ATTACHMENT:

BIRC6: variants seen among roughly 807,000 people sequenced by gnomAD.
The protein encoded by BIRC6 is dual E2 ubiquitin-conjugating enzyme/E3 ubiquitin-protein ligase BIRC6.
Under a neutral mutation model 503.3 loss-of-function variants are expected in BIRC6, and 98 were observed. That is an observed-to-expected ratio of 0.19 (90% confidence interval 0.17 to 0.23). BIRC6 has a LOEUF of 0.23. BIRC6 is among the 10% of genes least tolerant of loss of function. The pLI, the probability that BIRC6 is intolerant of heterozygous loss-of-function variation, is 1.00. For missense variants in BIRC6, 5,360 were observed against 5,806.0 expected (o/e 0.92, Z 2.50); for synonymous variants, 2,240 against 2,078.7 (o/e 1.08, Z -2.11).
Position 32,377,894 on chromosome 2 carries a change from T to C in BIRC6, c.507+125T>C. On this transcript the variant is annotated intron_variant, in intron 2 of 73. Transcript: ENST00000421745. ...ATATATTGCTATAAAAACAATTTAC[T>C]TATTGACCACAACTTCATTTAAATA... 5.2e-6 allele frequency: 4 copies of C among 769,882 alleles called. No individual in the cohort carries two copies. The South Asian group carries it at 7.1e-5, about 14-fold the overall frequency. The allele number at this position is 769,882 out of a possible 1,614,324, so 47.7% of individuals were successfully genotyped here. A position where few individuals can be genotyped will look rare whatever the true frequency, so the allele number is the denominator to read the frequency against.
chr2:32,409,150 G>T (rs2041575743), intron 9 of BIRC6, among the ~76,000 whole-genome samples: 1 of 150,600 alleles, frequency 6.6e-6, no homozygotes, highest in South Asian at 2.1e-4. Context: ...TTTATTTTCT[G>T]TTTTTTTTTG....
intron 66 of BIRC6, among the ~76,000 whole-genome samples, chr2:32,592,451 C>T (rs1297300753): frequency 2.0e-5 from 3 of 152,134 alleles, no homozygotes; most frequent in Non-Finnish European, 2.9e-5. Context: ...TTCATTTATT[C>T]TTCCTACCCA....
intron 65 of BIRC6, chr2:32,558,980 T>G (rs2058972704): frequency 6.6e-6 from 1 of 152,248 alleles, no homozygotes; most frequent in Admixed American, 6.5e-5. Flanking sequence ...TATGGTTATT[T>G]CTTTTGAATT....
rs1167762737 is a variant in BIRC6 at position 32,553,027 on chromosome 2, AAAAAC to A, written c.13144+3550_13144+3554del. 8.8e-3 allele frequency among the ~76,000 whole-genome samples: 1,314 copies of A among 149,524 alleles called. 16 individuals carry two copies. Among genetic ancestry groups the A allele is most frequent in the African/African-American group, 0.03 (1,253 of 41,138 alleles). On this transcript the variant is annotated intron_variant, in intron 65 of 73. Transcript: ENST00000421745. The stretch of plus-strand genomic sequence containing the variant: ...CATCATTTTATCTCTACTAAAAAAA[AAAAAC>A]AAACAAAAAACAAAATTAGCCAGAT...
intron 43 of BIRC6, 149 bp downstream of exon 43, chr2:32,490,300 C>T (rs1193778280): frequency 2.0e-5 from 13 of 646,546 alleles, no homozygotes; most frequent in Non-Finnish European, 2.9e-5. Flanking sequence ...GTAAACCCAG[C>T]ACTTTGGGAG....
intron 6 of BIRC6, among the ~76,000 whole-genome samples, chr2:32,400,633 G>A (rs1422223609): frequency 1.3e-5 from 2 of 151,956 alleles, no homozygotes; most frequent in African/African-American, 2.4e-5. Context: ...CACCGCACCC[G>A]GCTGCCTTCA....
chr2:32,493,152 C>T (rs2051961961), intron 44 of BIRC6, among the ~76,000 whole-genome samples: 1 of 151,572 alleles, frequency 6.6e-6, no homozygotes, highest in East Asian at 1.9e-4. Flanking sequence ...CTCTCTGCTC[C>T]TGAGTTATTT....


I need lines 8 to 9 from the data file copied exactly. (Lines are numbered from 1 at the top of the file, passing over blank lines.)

rs1167762737 is a variant in BIRC6 at position 32,553,027 on chromosome 2, AAAAAC to A, written c.13144+3550_13144+3554del. 8.8e-3 allele frequency among the ~76,000 whole-genome samples: 1,314 copies of A among 149,524 alleles called. 16 individuals carry two copies. Among genetic ancestry groups the A allele is most frequent in the African/African-American group, 0.03 (1,253 of 41,138 alleles). On this transcript the variant is annotated intron_variant, in intron 65 of 73. Transcript: ENST00000421745. The stretch of plus-strand genomic sequence containing the variant: ...CATCATTTTATCTCTACTAAAAAAA[AAAAAC>A]AAACAAAAAACAAAATTAGCCAGAT...
intron 43 of BIRC6, 149 bp downstream of exon 43, chr2:32,490,300 C>T (rs1193778280): frequency 2.0e-5 from 13 of 646,546 alleles, no homozygotes; most frequent in Non-Finnish European, 2.9e-5. Flanking sequence ...GTAAACCCAG[C>T]ACTTTGGGAG....